12 Let’s Take Another Look At… Washington Irving!  …adapted European literary traditions and gave them a new spin, thus establishing himself as one of the leading literary figures for our new nation…  …wrote “The Sketch Book,” a collection of stories which contained his most famous works – “Rip Van Winkle” and “The Legend of Sleepy Hollow”…  …became America’s first literary celebrity…

13 Let’s Take Another Look At… Herman Melville!  …spent five years as a young adult on a variety of sea-faring voyages, travels which would deeply influence his later writings…  …became close friends with Nathaniel Hawthorne, and the two helped drive each other to continue writing at a high level…  …his final masterpiece, “Billy Budd,” was published thirty-three years after his death; a note by the unfinished manuscript read, “Keep true to the dreams of thy youth”…

14 Let’s Take Another Look At… Henry David Thoreau!  …attended Harvard, and became extremely familiar with the writers and German philosophers whose principles would fuel Transcendentalism while there – although he never ranked anywhere above the middle of his class…  …left society for three years in order to “meet the vital facts of life...which are the phenomena or actualit[ies] the gods meant to show us”…  …became quite active politically, and helped escaped slaves travel to Canada…

15 Let’s Take Another Look At… Ralph Waldo Emerson!  …his young wife’s death, coupled with his own spiritual misgivings, led to his decision to resign his post as a minister…  …his influence as a speaker on philosophical and spiritual issues drove many young people to flock to Concord, Massachusetts…  …lost his young son to scarlet fever, shrank into an emotional shell, and developed severe memory loss that persisted until death…

16 Let’s Take Another Look At… Romanticism!  …Beauty/truth can also be found in the spiritual realm and the world of the imagination…  …Individual freedom is the greatest pursuit of man, and the individual is more valuable than the larger society…  …Feeling and intuition are greater than reason and logic, and youthful innocence and wonder are greater than educated sophistication…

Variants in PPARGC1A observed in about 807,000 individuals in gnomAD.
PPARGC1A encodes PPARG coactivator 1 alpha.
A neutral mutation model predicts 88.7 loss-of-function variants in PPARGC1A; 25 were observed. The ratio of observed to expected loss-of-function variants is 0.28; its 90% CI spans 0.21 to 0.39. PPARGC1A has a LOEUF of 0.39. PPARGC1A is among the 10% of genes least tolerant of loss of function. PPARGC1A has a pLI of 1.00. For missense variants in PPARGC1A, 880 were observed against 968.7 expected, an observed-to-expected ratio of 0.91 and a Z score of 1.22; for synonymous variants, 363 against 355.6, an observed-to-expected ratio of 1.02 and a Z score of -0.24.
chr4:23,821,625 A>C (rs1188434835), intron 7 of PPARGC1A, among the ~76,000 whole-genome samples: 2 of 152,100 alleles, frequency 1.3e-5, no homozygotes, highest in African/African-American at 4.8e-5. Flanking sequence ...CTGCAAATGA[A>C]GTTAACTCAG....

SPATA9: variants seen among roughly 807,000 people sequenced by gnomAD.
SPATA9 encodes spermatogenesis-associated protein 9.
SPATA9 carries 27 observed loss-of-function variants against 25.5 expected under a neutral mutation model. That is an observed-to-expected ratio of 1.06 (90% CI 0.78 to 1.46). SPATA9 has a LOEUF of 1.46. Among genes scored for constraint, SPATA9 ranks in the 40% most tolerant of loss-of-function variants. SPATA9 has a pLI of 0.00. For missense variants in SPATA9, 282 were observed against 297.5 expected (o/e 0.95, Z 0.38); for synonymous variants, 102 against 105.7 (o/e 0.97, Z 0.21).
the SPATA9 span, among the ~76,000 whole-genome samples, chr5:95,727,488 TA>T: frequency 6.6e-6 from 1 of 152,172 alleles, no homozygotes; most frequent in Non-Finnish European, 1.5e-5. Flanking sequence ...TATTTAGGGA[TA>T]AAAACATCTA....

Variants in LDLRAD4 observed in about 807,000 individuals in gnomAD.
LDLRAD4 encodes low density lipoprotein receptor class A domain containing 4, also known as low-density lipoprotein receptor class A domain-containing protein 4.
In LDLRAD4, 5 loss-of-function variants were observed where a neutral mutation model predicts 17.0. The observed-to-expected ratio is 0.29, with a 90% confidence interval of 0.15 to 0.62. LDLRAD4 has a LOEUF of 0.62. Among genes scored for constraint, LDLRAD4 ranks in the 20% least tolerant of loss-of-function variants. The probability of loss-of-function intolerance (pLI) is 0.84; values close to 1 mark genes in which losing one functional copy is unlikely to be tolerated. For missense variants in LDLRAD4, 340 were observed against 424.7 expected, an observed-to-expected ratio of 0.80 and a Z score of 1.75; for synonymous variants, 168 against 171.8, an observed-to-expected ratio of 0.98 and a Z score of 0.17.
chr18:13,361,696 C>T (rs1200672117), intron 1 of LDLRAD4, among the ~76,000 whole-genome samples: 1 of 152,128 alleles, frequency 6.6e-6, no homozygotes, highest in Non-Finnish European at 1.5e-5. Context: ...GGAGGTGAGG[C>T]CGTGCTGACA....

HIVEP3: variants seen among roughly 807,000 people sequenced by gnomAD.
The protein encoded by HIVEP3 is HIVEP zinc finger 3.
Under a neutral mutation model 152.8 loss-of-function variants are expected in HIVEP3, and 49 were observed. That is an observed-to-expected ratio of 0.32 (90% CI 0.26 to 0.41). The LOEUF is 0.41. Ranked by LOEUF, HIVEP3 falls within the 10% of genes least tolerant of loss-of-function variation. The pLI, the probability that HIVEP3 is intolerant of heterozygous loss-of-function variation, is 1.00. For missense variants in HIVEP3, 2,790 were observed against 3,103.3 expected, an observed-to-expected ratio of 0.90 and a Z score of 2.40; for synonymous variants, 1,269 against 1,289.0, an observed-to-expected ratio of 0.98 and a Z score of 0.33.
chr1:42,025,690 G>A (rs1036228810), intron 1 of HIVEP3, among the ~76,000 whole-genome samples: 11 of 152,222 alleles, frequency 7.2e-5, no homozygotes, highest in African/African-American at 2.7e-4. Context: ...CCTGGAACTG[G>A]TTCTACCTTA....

17 Let’s Take a Look At… Transcendentalism!  …could be defined as the search for the ultimate reality of God, the universe, the self, and other important matters; one needed to transcend, or go beyond, everyday human experience in the physical world in order to find this ultimate truth…  …a philosophical descendent of idealism, this movement’s proponents believed in human perfectibility as an achievable goal - and worked to achieve it…  …everything in the world, including human beings, reflects the Divine Soul; moreover, the physical facts of the natural world are a doorway to the spiritual (or ideal) world, which holds important truths…

18 Which Am I?  This period was characterized by a desire to form new American traditions that were separate and distinct from their European counterparts.  What is the New England Renaissance?  His writing was often optimistic, curious, and intelligent; his voice and style has deeply influenced American writers since his initial publication runs.  Who is Ralph Waldo Emerson?

19 Which Am I?  His writings were characterized by a deep fascination with guilt and sin, placing him in the Dark Romantic camp  Who was Nathaniel Hawthorne?  His writing was often quiet and contemplative; he used nature as his model, rather than drawing from the traditional style of the Europeans or his contemporaries  Who was Henry David Thoreau?

20 Which Am I?  This movement was characterized by an emphasis on intuition, a personal relationship with the supernatural, and a generally optimistic worldview.  What was Transcendentalism?  His writing was characterized by droll comic narrators, figures whose voices could shift from self-effacing to over-inflated in an instant.  Who was Washington Irving?  His writing was big, bold, adventurous, and often dark; although his style was wordy, the narrative thrust of his stories makes them “page-turners”  Who was Herman Melville?

21 Which Am I?  His prose is often tense, simultaneously breathless, strangled, and claustrophobic – and his works often deal with death and darkness!  Who was Edgar Allan Poe?  This movement was characterized by a departure from civilization and progress; its proponents sought to return to a simpler, quieter time  What was Romanticism?

22 That Does It For Today!  You should also review the texts before the test  However, I’m more comfortable with the idea that you “get” those works  Let me know if you have any questions tonight!  The study group will be up and running at the blog from 5 to 8pm!